While the ASX has tightened the rules for back door listings, tech companies are still wriggling through, because access to other sources of capital remain scarce.
Decision support software company Veriluma, on Friday issued a prospectus via the ASX, and will be listed through the mining company shell Parmelia Resources. The company expects to secure $3.5 million in pre-committed funds by the end of the week, and to re-list as Veriluma in September.
According to CEO Elizabeth Whitelock the backdoor listing wasn’t the company’s first choice to raise funds but; “Australia’s a hard country to get capital. We knocked on a number of doors – probably every door in Australia to raise cash to do all the things that we wanted to do.
“People talk about innovation and venture capital but really it is so small here – people don’t want to take a risk. They’d rather back something that is up and running and making a profit.”
She added that; “Australians when it comes to investment don’t really get technology, they don’t get a female CEO and you’re not digging stuff out of the ground. If I was digging stuff out of the ground they’d get it,” which injects a certain irony to Veriluma’s decision to list via a mining company shell.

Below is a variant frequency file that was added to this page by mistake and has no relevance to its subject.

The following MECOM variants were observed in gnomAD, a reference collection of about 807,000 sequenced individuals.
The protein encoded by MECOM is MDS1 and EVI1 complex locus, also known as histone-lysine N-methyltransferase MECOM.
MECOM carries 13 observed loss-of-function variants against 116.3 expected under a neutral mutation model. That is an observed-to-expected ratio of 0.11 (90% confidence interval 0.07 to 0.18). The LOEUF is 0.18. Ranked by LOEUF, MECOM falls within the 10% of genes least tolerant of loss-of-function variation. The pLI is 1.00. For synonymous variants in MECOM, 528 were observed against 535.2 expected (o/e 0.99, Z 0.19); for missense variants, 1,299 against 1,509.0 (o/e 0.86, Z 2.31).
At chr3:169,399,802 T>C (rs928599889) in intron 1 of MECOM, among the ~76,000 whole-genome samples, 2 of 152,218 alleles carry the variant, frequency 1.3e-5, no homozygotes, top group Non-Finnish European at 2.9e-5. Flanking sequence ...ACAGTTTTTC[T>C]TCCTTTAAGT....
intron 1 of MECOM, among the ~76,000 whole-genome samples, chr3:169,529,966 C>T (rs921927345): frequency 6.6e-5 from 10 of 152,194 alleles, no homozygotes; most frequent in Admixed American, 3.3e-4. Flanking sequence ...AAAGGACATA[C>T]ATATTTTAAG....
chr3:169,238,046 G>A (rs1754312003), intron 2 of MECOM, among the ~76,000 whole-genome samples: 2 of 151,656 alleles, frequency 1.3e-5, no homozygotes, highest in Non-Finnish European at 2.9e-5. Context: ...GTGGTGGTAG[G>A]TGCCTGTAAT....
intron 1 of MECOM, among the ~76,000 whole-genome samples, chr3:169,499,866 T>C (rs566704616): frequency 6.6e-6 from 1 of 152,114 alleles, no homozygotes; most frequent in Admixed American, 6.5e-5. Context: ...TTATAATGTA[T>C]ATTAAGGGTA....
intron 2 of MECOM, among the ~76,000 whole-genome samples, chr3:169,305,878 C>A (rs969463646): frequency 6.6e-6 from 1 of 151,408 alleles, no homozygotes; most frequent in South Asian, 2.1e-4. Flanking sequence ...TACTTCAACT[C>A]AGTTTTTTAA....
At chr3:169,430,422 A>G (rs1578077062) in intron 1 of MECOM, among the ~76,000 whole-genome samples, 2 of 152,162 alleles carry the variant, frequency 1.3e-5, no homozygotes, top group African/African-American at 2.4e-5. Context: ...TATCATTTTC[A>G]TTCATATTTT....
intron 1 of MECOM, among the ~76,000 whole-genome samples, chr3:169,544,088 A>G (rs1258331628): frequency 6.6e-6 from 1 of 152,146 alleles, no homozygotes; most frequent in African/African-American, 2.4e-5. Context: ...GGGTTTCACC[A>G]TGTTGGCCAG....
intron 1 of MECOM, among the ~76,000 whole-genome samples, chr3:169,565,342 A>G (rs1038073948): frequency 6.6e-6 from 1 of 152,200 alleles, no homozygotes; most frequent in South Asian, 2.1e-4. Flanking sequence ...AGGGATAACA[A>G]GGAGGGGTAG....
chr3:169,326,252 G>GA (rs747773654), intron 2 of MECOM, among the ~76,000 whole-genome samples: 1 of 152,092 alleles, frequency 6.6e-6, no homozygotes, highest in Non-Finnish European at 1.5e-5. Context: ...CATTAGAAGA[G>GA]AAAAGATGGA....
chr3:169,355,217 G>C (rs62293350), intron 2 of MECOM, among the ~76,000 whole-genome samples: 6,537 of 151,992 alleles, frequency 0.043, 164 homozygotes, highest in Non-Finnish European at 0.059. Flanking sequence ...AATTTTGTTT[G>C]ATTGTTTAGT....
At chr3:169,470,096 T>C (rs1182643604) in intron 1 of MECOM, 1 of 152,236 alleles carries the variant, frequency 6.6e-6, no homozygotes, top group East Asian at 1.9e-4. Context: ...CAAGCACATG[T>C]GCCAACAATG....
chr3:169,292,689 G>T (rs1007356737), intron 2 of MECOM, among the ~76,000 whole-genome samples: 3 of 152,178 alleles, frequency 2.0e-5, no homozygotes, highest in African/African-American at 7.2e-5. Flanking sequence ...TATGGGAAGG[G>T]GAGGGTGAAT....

It wasn’t the only option explored. “We have been down the path of thinking about flogging ourselves to an IBM – it is on our radar – but you have to do an awful lot of work with SAS or IBM to make them aware of who you are. We started that with IBM and SAS, but to do that successfully we are in the wrong country,” she said.
Ms Whitelock also believes that the funding challenge has been compounded by her gender.
“It doesn’t help being female,” she said, adding that this was a global issue, and that the very existence of organisations such as Springboard, which specifically seeks to invest in women-led enterprise “tells you that there is a problem.”
Whether gender has had much impact or not is moot – but the Prospectus issued last week indicates that Veriluma is still very much a startup – and despite some high profile customers, such as the Department of Defence, the company’s revenues remain slender.
Between July 2013 and last December revenues amounted to just over $463,000. The Defence Department deal made up 80 per cent of the company’s sales since 2012 – but Defence is no longer paying Veriluma and has a perpetual licence to use the software. Veriluma is however hopeful of extending its relationship with Defence and is negotiating to that end.
The revenue figure indicates that there is no way that Veriluma could have floated on the ASX through the front door, as the Exchange currently requires a would-be IPO to demonstrate $400,000 profit in the previous 12 months. It’s also seeking to lift that figure – which has been unchanged since 1994 – to at least $500,000.
The Exchange has taken swift action when it’s unconvinced about a proposed listing; it kyboshed music streaming business Guvera’s IPO plans in June.
The ASX further signalled a tightening of the rules around backdoor listings in May. As a result trading in the securities of an entity are suspended when a backdoor listing is announced and continues until the entity satisfies the ASX’s expectations.